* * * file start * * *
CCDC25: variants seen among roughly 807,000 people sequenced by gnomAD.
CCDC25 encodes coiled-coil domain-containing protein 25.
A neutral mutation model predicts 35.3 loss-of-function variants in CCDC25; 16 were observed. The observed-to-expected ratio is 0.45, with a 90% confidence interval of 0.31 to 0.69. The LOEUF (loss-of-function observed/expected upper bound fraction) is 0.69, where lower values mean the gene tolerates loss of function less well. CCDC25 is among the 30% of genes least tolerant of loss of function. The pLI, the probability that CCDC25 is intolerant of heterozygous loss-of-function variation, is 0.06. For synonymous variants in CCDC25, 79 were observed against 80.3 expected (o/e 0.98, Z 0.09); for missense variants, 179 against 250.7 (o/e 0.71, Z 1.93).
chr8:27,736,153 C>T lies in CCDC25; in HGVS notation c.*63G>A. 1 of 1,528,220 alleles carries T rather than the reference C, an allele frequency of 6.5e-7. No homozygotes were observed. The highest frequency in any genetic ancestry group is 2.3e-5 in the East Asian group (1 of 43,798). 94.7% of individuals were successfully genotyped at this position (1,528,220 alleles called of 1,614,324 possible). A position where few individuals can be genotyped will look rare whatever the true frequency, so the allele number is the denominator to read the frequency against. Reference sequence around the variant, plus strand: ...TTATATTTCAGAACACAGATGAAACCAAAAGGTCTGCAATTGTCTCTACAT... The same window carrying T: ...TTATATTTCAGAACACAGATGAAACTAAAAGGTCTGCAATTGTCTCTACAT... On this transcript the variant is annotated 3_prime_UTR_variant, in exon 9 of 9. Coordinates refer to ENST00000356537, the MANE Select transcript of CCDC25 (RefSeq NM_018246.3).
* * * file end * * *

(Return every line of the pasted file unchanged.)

CCDC25: variants seen among roughly 807,000 people sequenced by gnomAD.
CCDC25 encodes coiled-coil domain-containing protein 25.
A neutral mutation model predicts 35.3 loss-of-function variants in CCDC25; 16 were observed. The observed-to-expected ratio is 0.45, with a 90% confidence interval of 0.31 to 0.69. The LOEUF (loss-of-function observed/expected upper bound fraction) is 0.69, where lower values mean the gene tolerates loss of function less well. CCDC25 is among the 30% of genes least tolerant of loss of function. The pLI, the probability that CCDC25 is intolerant of heterozygous loss-of-function variation, is 0.06. For synonymous variants in CCDC25, 79 were observed against 80.3 expected (o/e 0.98, Z 0.09); for missense variants, 179 against 250.7 (o/e 0.71, Z 1.93).
chr8:27,736,153 C>T lies in CCDC25; in HGVS notation c.*63G>A. 1 of 1,528,220 alleles carries T rather than the reference C, an allele frequency of 6.5e-7. No homozygotes were observed. The highest frequency in any genetic ancestry group is 2.3e-5 in the East Asian group (1 of 43,798). 94.7% of individuals were successfully genotyped at this position (1,528,220 alleles called of 1,614,324 possible). A position where few individuals can be genotyped will look rare whatever the true frequency, so the allele number is the denominator to read the frequency against. Reference sequence around the variant, plus strand: ...TTATATTTCAGAACACAGATGAAACCAAAAGGTCTGCAATTGTCTCTACAT... The same window carrying T: ...TTATATTTCAGAACACAGATGAAACTAAAAGGTCTGCAATTGTCTCTACAT... On this transcript the variant is annotated 3_prime_UTR_variant, in exon 9 of 9. Coordinates refer to ENST00000356537, the MANE Select transcript of CCDC25 (RefSeq NM_018246.3).